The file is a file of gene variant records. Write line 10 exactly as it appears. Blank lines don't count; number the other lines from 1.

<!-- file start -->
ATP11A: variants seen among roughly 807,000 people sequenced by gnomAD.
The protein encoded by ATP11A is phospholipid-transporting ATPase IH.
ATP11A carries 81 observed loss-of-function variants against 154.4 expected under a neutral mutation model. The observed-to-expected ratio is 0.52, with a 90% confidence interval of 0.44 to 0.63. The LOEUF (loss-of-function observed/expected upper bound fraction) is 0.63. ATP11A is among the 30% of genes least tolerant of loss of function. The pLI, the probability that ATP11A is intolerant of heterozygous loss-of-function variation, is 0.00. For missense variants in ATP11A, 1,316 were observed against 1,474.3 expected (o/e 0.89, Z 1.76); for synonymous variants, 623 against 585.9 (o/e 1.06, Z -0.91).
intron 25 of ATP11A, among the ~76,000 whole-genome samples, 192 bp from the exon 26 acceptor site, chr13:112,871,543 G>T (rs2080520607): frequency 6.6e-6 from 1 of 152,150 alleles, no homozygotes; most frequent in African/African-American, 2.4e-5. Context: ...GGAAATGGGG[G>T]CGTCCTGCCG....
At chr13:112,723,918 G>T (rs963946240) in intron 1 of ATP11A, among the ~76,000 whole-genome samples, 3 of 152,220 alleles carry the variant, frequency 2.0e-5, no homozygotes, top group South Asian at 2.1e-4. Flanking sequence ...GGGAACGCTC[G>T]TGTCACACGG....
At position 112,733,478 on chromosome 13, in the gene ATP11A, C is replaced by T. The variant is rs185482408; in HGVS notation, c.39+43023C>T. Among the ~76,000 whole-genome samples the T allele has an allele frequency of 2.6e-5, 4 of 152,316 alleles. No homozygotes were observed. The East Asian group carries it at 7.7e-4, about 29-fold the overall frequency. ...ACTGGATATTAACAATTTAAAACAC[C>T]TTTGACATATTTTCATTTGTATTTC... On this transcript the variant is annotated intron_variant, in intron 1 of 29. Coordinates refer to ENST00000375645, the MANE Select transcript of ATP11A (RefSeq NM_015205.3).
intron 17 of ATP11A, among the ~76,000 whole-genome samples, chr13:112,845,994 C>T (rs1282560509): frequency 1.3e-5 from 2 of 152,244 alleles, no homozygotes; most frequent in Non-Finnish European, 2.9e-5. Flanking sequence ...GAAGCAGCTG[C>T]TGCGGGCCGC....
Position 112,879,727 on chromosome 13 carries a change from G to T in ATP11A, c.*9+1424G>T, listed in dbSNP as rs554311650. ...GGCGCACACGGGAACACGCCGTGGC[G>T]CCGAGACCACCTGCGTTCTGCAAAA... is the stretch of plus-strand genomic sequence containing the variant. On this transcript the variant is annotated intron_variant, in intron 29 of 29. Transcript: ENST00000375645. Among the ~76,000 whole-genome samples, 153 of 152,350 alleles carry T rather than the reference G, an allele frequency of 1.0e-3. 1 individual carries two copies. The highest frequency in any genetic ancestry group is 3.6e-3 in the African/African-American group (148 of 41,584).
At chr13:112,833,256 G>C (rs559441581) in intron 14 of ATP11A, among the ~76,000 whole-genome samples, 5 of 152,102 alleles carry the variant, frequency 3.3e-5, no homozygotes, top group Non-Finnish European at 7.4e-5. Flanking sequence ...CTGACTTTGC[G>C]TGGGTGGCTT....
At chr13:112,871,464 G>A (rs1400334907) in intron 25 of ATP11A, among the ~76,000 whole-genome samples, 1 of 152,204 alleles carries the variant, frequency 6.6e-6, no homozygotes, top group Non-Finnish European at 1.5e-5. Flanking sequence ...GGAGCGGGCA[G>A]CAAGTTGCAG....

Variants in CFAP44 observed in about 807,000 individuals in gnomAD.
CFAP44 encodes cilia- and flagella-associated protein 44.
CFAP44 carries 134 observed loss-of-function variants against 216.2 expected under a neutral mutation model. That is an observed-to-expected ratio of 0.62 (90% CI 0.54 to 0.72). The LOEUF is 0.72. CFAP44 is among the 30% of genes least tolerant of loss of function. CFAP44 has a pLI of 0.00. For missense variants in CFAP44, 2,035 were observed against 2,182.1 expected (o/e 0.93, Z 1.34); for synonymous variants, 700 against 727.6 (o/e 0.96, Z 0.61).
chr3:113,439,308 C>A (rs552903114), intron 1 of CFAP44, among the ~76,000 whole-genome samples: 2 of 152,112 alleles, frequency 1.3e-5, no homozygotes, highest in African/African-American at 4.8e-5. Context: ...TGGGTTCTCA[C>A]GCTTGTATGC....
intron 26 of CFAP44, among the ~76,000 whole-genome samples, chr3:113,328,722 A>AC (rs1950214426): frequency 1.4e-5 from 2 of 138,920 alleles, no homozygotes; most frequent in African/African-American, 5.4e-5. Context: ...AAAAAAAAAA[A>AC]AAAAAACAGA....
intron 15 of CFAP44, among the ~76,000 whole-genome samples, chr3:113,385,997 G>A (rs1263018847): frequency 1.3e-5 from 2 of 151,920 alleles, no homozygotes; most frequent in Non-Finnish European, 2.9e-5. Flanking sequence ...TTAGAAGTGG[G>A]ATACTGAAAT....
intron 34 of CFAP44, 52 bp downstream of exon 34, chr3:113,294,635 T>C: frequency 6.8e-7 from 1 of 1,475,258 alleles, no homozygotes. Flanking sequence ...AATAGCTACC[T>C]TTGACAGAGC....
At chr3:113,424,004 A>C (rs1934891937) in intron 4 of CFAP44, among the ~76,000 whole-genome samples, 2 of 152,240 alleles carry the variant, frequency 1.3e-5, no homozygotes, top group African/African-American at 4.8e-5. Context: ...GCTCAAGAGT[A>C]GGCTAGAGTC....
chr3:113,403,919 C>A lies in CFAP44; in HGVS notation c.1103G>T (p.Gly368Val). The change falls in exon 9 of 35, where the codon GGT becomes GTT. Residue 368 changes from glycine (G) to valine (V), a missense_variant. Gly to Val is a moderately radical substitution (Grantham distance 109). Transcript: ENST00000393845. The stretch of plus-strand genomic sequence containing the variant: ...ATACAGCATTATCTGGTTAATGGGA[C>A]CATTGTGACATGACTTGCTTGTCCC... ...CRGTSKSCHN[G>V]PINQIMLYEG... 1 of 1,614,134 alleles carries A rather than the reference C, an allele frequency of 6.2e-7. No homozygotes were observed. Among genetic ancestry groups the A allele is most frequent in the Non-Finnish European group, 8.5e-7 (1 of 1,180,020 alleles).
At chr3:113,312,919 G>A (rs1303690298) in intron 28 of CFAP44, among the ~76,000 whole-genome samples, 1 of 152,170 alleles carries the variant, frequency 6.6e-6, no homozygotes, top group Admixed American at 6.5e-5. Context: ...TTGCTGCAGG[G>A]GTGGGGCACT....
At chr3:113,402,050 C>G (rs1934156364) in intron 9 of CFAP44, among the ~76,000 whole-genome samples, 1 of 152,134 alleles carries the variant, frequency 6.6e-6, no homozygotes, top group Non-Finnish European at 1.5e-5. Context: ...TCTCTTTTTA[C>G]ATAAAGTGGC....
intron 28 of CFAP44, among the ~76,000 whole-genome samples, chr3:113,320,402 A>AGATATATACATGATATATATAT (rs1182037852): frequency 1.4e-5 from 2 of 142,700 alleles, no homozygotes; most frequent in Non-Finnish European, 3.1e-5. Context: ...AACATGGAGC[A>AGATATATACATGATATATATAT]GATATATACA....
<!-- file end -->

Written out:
At chr13:112,871,464 G>A (rs1400334907) in intron 25 of ATP11A, among the ~76,000 whole-genome samples, 1 of 152,204 alleles carries the variant, frequency 6.6e-6, no homozygotes, top group Non-Finnish European at 1.5e-5. Flanking sequence ...GGAGCGGGCA[G>A]CAAGTTGCAG....